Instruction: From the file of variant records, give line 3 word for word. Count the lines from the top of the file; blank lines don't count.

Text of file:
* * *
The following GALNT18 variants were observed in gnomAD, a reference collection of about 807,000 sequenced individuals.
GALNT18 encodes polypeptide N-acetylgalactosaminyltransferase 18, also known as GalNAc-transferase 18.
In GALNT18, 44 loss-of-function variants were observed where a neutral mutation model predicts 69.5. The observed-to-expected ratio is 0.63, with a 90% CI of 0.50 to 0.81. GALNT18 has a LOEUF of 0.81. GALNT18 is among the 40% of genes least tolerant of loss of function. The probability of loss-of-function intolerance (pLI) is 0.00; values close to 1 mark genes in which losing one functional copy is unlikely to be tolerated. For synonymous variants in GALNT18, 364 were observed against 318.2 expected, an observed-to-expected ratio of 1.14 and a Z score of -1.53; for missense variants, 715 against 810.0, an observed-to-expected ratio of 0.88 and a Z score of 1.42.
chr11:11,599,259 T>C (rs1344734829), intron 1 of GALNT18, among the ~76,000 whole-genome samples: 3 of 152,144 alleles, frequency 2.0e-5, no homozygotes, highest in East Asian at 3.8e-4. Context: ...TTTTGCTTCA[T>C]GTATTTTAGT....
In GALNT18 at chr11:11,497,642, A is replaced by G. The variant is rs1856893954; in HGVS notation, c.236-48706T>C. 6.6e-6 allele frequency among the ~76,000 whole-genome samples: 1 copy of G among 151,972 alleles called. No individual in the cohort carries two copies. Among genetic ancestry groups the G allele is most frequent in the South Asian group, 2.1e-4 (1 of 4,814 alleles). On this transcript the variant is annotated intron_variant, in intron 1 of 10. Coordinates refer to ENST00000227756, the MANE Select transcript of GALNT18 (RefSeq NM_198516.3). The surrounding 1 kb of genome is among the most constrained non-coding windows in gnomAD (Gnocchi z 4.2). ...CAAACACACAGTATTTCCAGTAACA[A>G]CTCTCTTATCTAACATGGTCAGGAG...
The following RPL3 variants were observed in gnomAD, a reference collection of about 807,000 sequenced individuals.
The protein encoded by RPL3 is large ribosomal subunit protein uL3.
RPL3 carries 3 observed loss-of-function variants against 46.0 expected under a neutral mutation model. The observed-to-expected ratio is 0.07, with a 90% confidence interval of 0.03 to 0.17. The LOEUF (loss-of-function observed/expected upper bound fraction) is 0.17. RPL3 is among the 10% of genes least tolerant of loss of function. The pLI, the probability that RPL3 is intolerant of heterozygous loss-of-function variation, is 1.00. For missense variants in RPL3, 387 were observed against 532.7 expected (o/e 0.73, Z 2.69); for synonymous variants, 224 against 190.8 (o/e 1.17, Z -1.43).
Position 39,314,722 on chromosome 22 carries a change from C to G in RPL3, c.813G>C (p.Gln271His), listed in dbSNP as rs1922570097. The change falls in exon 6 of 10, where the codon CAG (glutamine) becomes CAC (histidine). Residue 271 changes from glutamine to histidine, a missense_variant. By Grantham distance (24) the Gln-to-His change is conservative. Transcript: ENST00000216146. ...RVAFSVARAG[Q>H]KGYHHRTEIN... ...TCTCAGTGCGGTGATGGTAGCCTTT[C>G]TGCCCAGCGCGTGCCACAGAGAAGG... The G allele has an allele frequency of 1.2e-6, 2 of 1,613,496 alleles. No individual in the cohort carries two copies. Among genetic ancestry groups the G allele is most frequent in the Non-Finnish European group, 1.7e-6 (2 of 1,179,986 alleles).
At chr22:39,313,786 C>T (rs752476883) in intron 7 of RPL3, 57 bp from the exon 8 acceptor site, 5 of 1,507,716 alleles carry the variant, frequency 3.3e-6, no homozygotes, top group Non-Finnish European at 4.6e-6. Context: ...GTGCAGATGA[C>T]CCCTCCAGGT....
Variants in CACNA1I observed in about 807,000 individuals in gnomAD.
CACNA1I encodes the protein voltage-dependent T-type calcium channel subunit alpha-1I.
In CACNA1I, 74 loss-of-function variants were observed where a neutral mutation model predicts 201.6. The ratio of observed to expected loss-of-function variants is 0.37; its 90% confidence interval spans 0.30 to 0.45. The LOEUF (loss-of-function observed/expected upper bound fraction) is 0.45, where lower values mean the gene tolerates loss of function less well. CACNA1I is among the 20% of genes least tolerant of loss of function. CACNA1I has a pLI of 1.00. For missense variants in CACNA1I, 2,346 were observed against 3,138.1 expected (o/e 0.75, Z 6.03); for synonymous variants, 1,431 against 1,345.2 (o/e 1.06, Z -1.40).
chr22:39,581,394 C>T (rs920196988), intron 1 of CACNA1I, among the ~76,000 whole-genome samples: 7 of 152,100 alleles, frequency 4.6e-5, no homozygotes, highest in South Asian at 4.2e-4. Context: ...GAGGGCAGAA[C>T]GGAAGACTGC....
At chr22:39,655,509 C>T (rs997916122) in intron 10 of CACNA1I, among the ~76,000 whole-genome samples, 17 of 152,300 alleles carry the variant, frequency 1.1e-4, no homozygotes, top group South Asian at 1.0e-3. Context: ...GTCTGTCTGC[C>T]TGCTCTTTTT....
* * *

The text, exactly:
In GALNT18, 44 loss-of-function variants were observed where a neutral mutation model predicts 69.5. The observed-to-expected ratio is 0.63, with a 90% CI of 0.50 to 0.81. GALNT18 has a LOEUF of 0.81. GALNT18 is among the 40% of genes least tolerant of loss of function. The probability of loss-of-function intolerance (pLI) is 0.00; values close to 1 mark genes in which losing one functional copy is unlikely to be tolerated. For synonymous variants in GALNT18, 364 were observed against 318.2 expected, an observed-to-expected ratio of 1.14 and a Z score of -1.53; for missense variants, 715 against 810.0, an observed-to-expected ratio of 0.88 and a Z score of 1.42.